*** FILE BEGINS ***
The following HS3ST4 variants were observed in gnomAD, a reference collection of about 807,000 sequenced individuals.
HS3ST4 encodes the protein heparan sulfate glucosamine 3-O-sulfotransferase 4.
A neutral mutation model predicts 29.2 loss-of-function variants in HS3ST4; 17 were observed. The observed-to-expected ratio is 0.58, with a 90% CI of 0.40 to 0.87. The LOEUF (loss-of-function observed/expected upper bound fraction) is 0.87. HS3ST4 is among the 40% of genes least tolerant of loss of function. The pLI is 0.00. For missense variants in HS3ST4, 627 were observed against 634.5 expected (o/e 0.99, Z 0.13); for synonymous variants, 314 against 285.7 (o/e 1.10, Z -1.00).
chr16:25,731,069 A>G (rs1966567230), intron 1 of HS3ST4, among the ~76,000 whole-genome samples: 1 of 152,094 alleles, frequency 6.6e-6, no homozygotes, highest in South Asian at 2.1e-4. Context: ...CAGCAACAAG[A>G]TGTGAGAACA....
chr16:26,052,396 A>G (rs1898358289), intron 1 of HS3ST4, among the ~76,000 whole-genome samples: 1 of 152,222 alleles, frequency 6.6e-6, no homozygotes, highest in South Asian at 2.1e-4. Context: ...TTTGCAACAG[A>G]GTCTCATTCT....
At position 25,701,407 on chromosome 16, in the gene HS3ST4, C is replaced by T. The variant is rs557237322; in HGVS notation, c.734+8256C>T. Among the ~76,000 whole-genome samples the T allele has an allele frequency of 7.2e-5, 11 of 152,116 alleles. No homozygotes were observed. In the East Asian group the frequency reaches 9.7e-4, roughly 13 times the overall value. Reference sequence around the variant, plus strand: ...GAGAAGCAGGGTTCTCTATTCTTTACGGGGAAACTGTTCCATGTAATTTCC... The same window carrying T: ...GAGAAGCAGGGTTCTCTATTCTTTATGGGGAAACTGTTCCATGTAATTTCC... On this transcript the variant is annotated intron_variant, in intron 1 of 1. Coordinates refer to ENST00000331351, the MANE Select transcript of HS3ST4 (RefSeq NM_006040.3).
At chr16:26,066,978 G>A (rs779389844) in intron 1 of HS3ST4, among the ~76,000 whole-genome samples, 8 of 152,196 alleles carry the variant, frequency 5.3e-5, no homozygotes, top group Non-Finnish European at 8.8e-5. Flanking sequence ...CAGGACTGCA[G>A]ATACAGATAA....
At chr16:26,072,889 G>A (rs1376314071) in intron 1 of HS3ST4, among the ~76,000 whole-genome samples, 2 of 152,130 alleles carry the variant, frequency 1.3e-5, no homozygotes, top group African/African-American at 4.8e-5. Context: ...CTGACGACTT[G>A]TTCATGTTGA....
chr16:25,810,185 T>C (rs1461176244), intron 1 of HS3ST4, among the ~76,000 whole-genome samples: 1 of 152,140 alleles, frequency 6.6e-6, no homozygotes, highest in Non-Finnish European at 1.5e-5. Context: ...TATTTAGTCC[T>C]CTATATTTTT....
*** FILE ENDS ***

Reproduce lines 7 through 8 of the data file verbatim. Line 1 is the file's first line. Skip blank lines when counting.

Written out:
At chr16:26,066,978 G>A (rs779389844) in intron 1 of HS3ST4, among the ~76,000 whole-genome samples, 8 of 152,196 alleles carry the variant, frequency 5.3e-5, no homozygotes, top group Non-Finnish European at 8.8e-5. Flanking sequence ...CAGGACTGCA[G>A]ATACAGATAA....
At chr16:26,072,889 G>A (rs1376314071) in intron 1 of HS3ST4, among the ~76,000 whole-genome samples, 2 of 152,130 alleles carry the variant, frequency 1.3e-5, no homozygotes, top group African/African-American at 4.8e-5. Context: ...CTGACGACTT[G>A]TTCATGTTGA....